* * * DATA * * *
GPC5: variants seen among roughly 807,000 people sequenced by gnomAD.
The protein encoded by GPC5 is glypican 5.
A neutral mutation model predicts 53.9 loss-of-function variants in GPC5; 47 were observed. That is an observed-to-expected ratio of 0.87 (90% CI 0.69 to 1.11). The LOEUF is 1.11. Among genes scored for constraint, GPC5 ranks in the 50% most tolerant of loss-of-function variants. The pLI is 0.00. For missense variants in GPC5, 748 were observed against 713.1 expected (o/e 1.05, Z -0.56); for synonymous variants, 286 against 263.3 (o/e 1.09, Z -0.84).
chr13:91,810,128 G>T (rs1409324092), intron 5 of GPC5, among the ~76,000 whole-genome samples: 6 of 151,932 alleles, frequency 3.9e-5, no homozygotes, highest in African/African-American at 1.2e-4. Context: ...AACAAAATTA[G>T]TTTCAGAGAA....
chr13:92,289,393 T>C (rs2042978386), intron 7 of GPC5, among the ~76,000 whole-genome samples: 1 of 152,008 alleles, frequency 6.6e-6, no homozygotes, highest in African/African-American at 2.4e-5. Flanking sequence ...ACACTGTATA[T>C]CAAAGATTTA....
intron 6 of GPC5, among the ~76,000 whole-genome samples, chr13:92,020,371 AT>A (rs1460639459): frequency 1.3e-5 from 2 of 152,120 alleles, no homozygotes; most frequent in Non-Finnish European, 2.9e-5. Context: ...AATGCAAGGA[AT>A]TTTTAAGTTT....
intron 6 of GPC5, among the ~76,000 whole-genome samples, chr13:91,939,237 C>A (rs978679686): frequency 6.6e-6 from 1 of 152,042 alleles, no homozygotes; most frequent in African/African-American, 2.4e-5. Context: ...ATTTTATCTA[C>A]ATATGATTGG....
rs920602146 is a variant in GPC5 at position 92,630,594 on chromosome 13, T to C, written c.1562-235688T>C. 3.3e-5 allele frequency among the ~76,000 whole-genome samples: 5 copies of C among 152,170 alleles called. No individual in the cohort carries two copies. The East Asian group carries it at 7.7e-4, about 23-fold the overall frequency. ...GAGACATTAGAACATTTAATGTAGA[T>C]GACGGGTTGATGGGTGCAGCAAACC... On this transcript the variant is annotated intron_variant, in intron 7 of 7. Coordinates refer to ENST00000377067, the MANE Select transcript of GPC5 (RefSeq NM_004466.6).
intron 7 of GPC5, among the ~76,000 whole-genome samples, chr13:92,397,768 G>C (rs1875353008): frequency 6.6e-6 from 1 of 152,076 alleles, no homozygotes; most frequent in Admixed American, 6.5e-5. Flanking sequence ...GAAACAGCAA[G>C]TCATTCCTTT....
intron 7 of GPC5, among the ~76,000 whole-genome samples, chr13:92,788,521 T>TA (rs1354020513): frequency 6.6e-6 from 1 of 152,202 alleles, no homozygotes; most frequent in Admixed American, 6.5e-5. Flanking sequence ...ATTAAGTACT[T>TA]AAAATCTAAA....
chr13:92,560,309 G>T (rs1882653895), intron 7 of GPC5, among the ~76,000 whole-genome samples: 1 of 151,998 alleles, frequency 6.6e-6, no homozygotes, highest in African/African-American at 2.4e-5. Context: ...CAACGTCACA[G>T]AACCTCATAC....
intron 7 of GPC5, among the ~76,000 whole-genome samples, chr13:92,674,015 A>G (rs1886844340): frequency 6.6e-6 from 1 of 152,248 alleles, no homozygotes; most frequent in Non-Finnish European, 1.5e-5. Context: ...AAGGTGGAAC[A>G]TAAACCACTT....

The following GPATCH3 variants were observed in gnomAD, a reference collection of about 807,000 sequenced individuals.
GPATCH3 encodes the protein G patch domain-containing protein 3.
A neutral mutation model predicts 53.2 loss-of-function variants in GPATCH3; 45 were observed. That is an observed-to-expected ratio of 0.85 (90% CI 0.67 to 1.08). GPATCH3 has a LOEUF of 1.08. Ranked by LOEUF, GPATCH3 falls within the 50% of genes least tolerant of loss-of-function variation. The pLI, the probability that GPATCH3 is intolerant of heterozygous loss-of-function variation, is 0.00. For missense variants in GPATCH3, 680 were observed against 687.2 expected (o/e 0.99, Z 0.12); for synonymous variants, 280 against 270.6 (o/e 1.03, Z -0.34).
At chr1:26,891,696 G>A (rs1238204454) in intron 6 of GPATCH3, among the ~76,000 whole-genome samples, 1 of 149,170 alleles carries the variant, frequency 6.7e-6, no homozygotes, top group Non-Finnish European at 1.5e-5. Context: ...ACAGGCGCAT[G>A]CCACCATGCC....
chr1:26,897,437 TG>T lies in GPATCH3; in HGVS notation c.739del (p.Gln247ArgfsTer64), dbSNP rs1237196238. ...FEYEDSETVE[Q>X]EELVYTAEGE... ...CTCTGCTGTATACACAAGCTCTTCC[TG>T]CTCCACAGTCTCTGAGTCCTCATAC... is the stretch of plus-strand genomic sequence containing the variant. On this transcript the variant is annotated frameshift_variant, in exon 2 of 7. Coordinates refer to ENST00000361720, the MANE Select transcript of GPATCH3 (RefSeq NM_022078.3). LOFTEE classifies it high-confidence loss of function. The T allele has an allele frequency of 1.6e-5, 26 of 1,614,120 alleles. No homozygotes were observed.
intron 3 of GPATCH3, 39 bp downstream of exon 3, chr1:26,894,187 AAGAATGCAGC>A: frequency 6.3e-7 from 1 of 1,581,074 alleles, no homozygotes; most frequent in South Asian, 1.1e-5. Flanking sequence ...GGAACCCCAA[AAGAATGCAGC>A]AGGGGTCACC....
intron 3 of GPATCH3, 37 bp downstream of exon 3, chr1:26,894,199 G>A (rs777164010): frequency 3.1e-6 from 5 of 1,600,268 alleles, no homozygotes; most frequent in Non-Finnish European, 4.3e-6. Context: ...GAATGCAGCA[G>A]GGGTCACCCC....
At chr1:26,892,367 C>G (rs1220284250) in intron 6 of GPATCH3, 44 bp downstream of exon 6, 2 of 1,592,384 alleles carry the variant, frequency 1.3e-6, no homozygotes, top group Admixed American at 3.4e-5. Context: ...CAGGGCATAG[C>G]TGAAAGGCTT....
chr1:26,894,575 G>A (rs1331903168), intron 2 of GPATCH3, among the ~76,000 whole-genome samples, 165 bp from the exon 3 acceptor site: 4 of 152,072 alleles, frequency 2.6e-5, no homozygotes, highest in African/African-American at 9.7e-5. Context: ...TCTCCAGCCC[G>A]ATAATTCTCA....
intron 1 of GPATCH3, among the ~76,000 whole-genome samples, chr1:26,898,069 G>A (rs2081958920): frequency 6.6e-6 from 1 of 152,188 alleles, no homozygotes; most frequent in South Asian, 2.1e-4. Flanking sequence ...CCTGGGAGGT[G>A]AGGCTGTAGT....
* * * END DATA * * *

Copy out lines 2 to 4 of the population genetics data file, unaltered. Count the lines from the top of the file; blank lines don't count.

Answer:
The protein encoded by GPC5 is glypican 5.
A neutral mutation model predicts 53.9 loss-of-function variants in GPC5; 47 were observed. That is an observed-to-expected ratio of 0.87 (90% CI 0.69 to 1.11). The LOEUF is 1.11. Among genes scored for constraint, GPC5 ranks in the 50% most tolerant of loss-of-function variants. The pLI is 0.00. For missense variants in GPC5, 748 were observed against 713.1 expected (o/e 1.05, Z -0.56); for synonymous variants, 286 against 263.3 (o/e 1.09, Z -0.84).
chr13:91,810,128 G>T (rs1409324092), intron 5 of GPC5, among the ~76,000 whole-genome samples: 6 of 151,932 alleles, frequency 3.9e-5, no homozygotes, highest in African/African-American at 1.2e-4. Context: ...AACAAAATTA[G>T]TTTCAGAGAA....